Self Esteem and Reaching Your Dreams

Reading Level: Leisurely

Your level of confidence is usually directly proportionate to the intensity of drive or motivation to reach your dreams.

We each have probably seen movies in which a main character discovers that he or she has a terminal illness and suddenly chooses to overcome any intimidation or other hindrance that has kept him from fulfilling all those dreams he had of things he wanted to experience in this life. 

Think of all the dreams you would like to achieve between this moment and the conclusion of your life on this earth.  What has held you back?  Sometimes there are financial considerations in play, but many times the hindrance is something as simple as a lack of self esteem; either you fear what other people would think if you did those things or you have fears regarding your abilities.

There is a good historical illustration how major life dreams can be accomplished in spite of one’s self esteem not being at its best.

Most of us are familiar with the account of the Jewish people’s exodus from Egypt during the time of the Pharaohs.  Moses was a Jew that had been raised in Pharaoh’s household as the son of Pharaoh’s daughter.  When he reached adulthood, the suffering of his nation, who was serving as the Egyptians slaves, greatly distressed him.  He desired to deliver his people from slavery.  However, Moses took the matter into his own hands during a moment of anger, murdered an Egyptian who was mistreating a Jew, and had to flee for his life.  For the next 40 years, this man who had been raised in royalty with the best education and all the wealth of Egypt was living a nomadic life herding sheep in the desert.  At that point, Moses evidently never believed that his life would amount to anything spectacular, much less that he would be the deliverer for his people as he had once dreamed.  Then he had a message from God,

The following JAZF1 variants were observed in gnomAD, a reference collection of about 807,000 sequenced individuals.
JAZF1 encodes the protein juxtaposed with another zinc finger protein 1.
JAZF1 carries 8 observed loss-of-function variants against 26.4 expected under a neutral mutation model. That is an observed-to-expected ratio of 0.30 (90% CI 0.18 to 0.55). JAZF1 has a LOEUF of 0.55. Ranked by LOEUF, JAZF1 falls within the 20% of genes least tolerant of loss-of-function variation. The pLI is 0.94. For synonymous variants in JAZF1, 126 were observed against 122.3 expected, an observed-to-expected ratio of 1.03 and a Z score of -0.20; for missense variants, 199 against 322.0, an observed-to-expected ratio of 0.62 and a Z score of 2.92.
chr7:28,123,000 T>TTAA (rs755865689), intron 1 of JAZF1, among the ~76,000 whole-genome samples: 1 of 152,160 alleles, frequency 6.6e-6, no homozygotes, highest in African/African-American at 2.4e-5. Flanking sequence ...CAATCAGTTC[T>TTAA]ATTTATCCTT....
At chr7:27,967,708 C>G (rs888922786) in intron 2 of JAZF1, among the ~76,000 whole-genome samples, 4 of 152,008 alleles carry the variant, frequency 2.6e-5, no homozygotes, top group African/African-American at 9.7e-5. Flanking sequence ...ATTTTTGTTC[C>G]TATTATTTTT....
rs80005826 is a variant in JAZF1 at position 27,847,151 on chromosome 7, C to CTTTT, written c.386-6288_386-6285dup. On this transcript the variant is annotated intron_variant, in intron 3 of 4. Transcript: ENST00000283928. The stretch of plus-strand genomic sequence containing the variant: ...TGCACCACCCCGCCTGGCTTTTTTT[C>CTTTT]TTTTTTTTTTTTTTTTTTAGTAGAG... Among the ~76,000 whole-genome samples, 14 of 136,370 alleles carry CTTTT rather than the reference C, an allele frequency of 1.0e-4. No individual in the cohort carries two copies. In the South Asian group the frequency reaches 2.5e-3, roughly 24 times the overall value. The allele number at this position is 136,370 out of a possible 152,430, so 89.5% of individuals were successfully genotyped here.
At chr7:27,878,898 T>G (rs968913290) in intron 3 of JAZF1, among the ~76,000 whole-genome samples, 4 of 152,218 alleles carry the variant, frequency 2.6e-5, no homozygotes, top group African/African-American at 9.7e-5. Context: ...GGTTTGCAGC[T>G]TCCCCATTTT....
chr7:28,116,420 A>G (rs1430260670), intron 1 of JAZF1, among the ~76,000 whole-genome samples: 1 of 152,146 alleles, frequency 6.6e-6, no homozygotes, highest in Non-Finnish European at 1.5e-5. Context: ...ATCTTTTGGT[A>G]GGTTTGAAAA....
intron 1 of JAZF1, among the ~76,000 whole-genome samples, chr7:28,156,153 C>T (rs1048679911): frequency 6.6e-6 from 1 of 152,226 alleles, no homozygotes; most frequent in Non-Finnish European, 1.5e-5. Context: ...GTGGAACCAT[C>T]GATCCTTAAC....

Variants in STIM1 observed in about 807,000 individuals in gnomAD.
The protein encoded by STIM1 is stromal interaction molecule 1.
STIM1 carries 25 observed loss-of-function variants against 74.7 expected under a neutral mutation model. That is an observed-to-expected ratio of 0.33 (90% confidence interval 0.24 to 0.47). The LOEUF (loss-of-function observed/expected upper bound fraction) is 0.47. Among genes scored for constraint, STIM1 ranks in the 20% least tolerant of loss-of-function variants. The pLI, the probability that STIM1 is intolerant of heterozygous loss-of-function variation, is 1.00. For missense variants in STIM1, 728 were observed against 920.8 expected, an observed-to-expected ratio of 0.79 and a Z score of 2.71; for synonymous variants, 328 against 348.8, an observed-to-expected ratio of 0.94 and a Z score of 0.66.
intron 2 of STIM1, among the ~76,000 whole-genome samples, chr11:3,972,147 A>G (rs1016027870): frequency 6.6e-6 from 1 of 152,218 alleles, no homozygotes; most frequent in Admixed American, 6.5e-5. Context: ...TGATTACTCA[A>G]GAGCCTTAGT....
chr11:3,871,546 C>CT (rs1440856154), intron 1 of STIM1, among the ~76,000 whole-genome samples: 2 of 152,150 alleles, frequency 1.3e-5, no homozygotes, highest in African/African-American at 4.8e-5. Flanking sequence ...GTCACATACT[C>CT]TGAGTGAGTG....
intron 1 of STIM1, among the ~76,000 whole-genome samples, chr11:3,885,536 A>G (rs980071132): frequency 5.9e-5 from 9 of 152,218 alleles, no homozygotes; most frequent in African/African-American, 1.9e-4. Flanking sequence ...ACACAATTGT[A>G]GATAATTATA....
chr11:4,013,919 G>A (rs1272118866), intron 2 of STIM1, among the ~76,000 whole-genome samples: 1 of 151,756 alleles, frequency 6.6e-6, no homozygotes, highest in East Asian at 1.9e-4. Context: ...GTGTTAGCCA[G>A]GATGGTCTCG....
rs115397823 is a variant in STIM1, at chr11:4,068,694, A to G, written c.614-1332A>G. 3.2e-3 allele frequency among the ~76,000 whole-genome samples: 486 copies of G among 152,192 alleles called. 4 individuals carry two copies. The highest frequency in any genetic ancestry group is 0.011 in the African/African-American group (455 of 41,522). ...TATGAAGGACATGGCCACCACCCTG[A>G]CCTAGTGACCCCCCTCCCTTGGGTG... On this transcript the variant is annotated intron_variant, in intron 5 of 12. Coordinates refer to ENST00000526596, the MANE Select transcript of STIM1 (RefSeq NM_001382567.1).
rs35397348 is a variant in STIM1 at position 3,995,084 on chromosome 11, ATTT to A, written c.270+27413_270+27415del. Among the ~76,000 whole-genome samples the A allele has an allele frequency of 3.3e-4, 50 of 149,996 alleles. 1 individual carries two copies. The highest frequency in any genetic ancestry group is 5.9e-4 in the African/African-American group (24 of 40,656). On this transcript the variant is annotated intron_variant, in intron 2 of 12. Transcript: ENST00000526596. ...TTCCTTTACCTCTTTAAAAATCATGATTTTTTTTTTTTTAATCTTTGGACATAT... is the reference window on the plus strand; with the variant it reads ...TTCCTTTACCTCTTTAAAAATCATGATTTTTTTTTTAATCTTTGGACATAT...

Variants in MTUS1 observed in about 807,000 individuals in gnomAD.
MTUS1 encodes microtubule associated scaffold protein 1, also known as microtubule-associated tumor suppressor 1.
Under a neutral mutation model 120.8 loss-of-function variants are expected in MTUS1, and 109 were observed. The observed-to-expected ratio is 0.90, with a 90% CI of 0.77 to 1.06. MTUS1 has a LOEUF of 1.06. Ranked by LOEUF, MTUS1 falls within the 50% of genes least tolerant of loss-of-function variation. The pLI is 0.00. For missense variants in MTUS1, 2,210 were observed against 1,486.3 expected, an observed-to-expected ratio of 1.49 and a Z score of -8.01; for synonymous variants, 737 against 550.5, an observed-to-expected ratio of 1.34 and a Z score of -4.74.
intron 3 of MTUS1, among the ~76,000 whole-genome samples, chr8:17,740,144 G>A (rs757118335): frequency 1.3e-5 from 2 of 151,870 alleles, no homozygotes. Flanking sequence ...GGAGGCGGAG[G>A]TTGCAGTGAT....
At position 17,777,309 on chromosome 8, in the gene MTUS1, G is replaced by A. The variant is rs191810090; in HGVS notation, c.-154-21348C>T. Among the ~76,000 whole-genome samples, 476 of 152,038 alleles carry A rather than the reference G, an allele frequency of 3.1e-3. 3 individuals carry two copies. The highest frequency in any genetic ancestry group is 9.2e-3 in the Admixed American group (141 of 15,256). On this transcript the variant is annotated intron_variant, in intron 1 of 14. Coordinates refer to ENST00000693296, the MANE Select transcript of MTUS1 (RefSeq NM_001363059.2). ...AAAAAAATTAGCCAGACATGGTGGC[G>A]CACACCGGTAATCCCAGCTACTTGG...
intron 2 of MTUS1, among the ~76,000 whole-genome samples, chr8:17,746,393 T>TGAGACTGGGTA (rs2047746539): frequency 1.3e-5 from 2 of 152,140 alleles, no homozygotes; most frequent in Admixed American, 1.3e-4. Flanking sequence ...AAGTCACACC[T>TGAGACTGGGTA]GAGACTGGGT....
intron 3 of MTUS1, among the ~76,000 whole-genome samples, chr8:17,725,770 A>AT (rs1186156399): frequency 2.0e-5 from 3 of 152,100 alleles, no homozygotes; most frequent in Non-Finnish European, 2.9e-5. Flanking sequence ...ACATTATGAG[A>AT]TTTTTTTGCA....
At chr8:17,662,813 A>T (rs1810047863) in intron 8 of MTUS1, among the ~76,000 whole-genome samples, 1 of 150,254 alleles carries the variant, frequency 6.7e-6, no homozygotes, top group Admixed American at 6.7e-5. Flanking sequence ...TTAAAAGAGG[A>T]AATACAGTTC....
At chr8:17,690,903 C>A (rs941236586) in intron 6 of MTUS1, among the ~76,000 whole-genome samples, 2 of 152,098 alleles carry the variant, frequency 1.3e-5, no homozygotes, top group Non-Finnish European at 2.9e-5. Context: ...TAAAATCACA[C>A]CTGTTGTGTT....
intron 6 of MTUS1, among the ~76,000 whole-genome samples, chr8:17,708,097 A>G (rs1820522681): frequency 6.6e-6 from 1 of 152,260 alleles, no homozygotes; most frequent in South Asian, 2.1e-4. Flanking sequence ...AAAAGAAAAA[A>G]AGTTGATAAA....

“I will send you to Pharaoh, that you may bring forth My people, the Israelites, out of Egypt.”  And Moses said to God, “Who am I, that I should go to Pharaoh and bring the Israelites out of Egypt?”  God said, “I will surely be with you.”  Ex.3:10-11

Notice that Moses self esteem was not up to the challenge, “Who am I that I should go?”  There is a record in the books of Exodus of the lengthy discussion in which Moses talked about the fear of his lack of abilities.

Moses said to the Lord, “O, Lord, I am not eloquent or a man of words, neither before nor since You have spoken to Your servant; for I am slow of speech and have a heavy and awkward tongue.”  And the Lord said to him, “Who has made man’s mouth?…Is it not I, the Lord?  Now therefore go, and I will be with your mouth and will teach you what you shall say.”  Ex.4:10-12

As we all know from history, Moses left his sheep-herding days behind him and became the deliverer he had once dreamed of even though Moses’ self esteem was not what it needed to be to achieve that dream.  What made the difference?  How did Moses accomplish such an outstanding dream in spite of a lack of self confidence?  The difference came when Moses realized that God was with him (Ex.3:11;4:12,15) in accomplishing his destiny, the dream of his life. 
A positive change in the levels of your dreams being fulfilled comes once you realize that your dreams are God-given desires related to your destiny.

Your destiny, your purpose for existence on this earth, is God-given. Your personality with its dreams and desires, if you are staying focused on your destiny, are also God-given.  When this realization takes hold in your spirit, you self esteem gains a new unlimited level of confidence due to the knowledge that God is with you to enable you to accomplish those dreams.

Leave behind whatever has hindered you from going after your life dreams.  Any lack of self esteem will be overcome as you stay focused on that fact that nothing can stop the fulfillment of the dreams that are a part of your destiny because God Himself says, “I will be with you.”

Concept inspired from an article in Faith to Faith, April 28th post, c.1992, by Gloria Copeland.

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